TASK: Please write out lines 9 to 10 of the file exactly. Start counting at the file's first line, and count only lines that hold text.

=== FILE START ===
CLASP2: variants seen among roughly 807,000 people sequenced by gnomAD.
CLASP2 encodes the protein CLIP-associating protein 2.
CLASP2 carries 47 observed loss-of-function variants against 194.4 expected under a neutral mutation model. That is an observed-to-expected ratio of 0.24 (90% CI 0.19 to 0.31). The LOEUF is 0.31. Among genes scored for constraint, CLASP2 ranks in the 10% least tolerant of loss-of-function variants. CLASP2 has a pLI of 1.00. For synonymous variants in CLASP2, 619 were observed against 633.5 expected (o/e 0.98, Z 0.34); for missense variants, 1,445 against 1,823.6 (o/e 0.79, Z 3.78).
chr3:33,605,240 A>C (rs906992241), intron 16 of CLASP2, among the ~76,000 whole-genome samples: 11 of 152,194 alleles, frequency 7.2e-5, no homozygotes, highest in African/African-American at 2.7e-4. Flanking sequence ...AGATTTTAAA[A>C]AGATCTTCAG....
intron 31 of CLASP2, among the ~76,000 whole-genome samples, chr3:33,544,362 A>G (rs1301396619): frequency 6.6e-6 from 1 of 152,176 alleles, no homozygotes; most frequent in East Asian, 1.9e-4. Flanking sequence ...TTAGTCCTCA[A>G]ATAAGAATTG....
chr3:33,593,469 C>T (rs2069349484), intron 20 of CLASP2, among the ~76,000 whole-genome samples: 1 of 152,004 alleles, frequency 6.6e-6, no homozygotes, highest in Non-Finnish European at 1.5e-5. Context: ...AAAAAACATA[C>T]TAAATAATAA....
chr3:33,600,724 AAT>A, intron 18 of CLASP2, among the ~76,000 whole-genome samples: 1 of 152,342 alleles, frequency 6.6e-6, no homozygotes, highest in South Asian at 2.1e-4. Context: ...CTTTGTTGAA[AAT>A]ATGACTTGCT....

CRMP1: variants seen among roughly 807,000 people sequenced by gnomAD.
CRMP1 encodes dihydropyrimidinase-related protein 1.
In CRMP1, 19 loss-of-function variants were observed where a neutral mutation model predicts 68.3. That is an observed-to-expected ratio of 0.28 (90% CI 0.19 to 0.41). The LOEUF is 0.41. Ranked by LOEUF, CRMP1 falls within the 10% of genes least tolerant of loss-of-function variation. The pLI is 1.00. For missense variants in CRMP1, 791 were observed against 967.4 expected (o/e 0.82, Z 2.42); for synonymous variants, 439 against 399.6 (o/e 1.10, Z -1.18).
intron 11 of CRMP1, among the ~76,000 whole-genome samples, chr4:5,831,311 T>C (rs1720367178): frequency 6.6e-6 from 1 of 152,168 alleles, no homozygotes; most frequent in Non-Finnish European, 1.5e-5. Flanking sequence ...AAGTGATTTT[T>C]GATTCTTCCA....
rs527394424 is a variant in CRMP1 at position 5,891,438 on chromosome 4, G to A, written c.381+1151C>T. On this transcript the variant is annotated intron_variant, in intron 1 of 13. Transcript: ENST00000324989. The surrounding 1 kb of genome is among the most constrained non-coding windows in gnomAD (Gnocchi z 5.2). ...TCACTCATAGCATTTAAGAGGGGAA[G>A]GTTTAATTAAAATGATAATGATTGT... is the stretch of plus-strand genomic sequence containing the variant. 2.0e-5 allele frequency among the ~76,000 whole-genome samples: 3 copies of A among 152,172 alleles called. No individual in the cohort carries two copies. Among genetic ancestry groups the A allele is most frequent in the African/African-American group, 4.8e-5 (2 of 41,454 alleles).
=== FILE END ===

CRMP1 encodes dihydropyrimidinase-related protein 1.
In CRMP1, 19 loss-of-function variants were observed where a neutral mutation model predicts 68.3. That is an observed-to-expected ratio of 0.28 (90% CI 0.19 to 0.41). The LOEUF is 0.41. Ranked by LOEUF, CRMP1 falls within the 10% of genes least tolerant of loss-of-function variation. The pLI is 1.00. For missense variants in CRMP1, 791 were observed against 967.4 expected (o/e 0.82, Z 2.42); for synonymous variants, 439 against 399.6 (o/e 1.10, Z -1.18).